I was fortunate enough to be able to ask the author of Moon Over Alcatraz the following questions, which she was kind enough to answer for today’s guest blog.
How did the you come up with the idea for the piece?
Did you have to do any research to prepare for the piece?
Was it difficult to write about a couple who experienced such a great loss and betrayal; did any of the emotions of the characters affect you while you was writing the piece?
I wanted to write about a subject–the death of a child– that many people have experienced though it happens in many different ways. We’re constantly bombarded with Amber Alerts and news stories of children kidnapped and subsequently murdered. And I’d always wondered how in the world a parent can go through that sort of emotional trauma and not be forever scarred from it, or depressed for the rest of their lives, or end up committing suicide.
When I decided to write Moon Over Alcatraz, about a couple who lose their child at birth, I was aware it’s a subject rarely dealt with in the news. It’s so personal, the only people who know about it are the parents and their families and perhaps the social workers who visit the hospitals. I knew I’d have to dig really deep to be able to pull off the emotions Brandy would have been feeling after losing her baby.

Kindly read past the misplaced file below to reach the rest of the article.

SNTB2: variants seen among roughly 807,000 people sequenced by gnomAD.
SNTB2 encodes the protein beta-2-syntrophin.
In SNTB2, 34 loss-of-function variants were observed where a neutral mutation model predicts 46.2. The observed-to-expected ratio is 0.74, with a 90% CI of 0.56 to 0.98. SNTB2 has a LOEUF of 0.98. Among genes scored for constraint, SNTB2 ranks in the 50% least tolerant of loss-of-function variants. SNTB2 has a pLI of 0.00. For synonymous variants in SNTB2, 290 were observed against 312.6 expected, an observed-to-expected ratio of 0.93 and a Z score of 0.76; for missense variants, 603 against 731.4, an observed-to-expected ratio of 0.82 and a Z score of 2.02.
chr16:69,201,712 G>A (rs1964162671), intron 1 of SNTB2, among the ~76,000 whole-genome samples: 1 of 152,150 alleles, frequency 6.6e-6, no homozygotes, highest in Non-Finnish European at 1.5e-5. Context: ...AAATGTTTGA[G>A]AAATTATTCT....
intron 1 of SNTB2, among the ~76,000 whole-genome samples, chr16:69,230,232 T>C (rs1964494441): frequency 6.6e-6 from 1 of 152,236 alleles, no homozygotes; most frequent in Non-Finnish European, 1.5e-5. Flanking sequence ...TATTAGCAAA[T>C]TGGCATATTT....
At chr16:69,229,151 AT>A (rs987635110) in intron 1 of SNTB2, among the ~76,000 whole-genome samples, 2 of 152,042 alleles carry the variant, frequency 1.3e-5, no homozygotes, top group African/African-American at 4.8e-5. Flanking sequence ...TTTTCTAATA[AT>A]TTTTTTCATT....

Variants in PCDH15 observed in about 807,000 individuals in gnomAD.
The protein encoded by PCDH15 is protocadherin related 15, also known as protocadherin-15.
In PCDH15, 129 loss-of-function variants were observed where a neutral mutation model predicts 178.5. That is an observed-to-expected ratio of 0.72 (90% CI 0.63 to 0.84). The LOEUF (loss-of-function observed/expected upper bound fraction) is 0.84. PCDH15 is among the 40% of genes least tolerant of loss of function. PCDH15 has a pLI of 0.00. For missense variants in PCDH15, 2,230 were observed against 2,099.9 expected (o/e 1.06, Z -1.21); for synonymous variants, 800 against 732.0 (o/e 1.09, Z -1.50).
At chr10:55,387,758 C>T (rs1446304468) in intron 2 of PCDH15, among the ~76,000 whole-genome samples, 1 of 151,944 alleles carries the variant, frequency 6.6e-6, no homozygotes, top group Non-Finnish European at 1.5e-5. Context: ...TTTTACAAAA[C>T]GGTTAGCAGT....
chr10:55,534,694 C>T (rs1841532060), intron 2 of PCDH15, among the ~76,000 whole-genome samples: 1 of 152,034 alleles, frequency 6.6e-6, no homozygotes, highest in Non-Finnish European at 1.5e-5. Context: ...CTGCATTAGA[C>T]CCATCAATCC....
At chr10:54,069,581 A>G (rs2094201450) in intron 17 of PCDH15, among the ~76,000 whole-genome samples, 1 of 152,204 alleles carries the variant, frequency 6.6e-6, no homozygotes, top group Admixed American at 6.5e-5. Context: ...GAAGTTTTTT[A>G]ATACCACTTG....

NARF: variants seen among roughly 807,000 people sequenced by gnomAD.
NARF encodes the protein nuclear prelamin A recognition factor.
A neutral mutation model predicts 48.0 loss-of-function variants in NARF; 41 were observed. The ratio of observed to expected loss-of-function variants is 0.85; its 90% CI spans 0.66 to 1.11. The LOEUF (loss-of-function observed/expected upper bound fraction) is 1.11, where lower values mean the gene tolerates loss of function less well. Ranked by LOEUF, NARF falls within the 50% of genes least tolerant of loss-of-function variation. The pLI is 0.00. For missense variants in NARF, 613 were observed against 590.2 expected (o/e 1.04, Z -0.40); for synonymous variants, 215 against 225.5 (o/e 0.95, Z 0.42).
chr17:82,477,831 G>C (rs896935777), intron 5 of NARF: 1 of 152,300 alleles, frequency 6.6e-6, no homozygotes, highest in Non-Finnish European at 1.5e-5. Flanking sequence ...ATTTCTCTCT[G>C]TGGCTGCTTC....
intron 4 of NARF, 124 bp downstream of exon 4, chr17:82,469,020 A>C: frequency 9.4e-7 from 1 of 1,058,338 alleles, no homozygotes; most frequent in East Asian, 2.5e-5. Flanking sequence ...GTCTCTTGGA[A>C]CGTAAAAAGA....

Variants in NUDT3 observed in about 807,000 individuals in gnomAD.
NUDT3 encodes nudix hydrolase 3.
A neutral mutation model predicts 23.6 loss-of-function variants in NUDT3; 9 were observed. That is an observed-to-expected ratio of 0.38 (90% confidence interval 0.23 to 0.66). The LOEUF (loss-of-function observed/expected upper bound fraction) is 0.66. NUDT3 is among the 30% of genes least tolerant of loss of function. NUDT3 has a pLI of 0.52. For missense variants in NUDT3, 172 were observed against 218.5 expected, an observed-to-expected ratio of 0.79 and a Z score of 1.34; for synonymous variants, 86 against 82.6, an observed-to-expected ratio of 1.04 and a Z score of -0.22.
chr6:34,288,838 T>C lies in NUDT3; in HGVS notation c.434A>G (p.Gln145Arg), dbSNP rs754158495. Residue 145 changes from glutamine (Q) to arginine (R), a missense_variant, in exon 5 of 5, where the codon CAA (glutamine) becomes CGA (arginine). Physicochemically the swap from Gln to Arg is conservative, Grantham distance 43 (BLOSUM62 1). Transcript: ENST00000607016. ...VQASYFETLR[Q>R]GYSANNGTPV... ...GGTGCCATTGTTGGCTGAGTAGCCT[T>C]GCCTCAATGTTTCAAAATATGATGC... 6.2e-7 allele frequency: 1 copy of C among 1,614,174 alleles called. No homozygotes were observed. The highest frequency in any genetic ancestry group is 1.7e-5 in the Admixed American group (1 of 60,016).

My goal as a writer has always been to make the reader “feel” something while reading my novel – whether it’s laughter or happiness or sadness. I think the worst thing would be to have a reader feel nothing. I always want the reader to know my characters so well that when something goes wrong, they’re rooting for that character to make it through the hard times, or when something goes right, they’re sitting there saying, “Yay!”
But I chose a subject I hadn’t personally experienced – the death of a child at birth. However, I am a mom. I know what it’s like to love my children unconditionally, to feel so strongly about their lives that I would die for them if ever the chance came that there was a choice between them or me. And I’d never felt that way about any human being until I became a mom.
So, I channelled those feelings toward Brandy and through her, onto the page, when she lost her baby in the hospital. When I write it’s as if I’m seeing it before me on a television screen. So what my characters are living through, it’s like I’m watching it happening right in front of me then I write it down. I write about the environment in which the events occur as well as the characters’ thoughts and dialogue in that environment.
Was it hard for me to write this? Once again, it’s all about using what emotions you have within you (and in this case, it’s the love I have for my children) and imagining what I would do, how I would act, and how I’d feel if it happened to me.